(WASHINGTON) — The Department of Homeland Security inspector general met with members of the Jan. 6 committee behind closed doors Friday amid revelations about suppressed Secret Service texts from the day before and the day of the attack on the US Capitol.
The meeting comes after Inspector General Joseph Cuffari earlier this week sent a memo to the committee informing it that the Secret Service had deleted the text messages of January 5 and 6, 2021.
After Friday’s meeting, members called for transparency. Rep. Jamie Raskin, D-Md., told ABC News Congressional Correspondent Rachel Scott, “We need to get to the bottom of this, but if these texts are missing, we’re determined to find them.”
“We just don’t know where the texts are. We do not know if the texts have disappeared or not. We don’t know what the context of their disappearance was if they disappeared – we just don’t know,” he said. “But we’re going to get to the bottom of it and we’re going to give a full report to the American people.”
Committee chairman Rep. Bennie Thompson, D-Miss., said lawmakers still don’t know if there are any other messages missing beyond those on Jan. 5 and 6.
“We are not sure. The IG said it made a significant request for information. And obviously, since he couldn’t get it, we really don’t know,” Thompson said.
Thompson said it’s “obvious” the Secret Service isn’t being cooperative.
In earlier testimony, former Trump White House aide Cassidy Hutchinson claimed she was told then-President Donald Trump physically assaulted members of his secret service when they refused to take him to the Capitol on January 6.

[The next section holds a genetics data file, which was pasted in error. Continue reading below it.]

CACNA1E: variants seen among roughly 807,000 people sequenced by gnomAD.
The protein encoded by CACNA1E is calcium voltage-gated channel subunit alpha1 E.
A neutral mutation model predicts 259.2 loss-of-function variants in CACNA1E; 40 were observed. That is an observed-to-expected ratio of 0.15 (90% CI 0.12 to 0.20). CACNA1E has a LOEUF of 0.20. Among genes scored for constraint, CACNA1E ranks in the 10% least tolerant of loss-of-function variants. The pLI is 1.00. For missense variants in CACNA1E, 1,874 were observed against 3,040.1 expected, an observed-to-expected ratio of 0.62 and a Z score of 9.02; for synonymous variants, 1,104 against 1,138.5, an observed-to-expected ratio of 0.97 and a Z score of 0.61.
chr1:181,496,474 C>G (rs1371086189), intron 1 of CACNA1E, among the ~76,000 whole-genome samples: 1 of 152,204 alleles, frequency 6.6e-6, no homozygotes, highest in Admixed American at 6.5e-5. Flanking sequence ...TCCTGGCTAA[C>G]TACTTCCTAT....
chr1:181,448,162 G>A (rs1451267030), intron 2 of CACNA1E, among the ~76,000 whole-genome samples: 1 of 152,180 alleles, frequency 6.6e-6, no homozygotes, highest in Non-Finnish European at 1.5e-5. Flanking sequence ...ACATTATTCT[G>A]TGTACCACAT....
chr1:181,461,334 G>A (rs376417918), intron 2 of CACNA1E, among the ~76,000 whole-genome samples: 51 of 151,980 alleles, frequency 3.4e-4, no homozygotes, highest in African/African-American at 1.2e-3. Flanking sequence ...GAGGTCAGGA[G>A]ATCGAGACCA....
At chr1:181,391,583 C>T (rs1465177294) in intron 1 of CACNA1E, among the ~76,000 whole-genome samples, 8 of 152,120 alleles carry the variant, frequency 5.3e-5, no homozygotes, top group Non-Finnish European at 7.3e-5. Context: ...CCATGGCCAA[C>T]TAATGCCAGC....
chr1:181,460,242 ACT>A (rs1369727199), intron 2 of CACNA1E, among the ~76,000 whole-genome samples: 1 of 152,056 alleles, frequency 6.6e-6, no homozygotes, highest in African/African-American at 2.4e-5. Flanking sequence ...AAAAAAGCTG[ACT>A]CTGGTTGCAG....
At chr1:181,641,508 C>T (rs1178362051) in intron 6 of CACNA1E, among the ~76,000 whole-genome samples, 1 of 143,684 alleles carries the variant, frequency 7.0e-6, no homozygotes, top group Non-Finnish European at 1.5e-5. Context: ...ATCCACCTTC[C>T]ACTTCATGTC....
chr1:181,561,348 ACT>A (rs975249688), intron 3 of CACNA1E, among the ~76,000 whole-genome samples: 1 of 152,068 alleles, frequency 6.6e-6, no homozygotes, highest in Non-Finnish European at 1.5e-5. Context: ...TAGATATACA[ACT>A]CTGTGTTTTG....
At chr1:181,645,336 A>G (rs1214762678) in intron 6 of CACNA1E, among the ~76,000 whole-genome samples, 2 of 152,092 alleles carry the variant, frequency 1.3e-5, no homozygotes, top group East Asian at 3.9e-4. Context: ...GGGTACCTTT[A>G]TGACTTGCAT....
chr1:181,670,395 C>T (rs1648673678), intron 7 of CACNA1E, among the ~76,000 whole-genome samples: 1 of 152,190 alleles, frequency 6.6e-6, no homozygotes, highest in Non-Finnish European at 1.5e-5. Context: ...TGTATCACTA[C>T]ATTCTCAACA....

A source close to the Secret Service does not dispute that the former president demanded to go to the Capitol immediately after his rally on the Ellipse that day.
The Secret Service, in a lengthy statement Thursday night, blasted the inspector general’s letter to the committee.
“The insinuation that the Secret Service maliciously deleted text messages following a request is false,” Anthony Gugliemi, the agency’s chief communications officer, said in a statement. “In fact, the Secret Service cooperated fully with the Department of Homeland Security Office of Inspector General (DHS OIG) in all respects, from interviews, to documents, to emails or SMS.”
Gugliemi said that in February 2021, the Secret Service began factory resetting their cellphones as part of a previously planned three-month system migration. During this process, data residing on some phones was lost, he said.
The DHS inspector general did not immediately respond to an ABC News request for comment.
Katherine Faulders, Rachel Scott and Allison Pecorin of ABC News contributed to this report.
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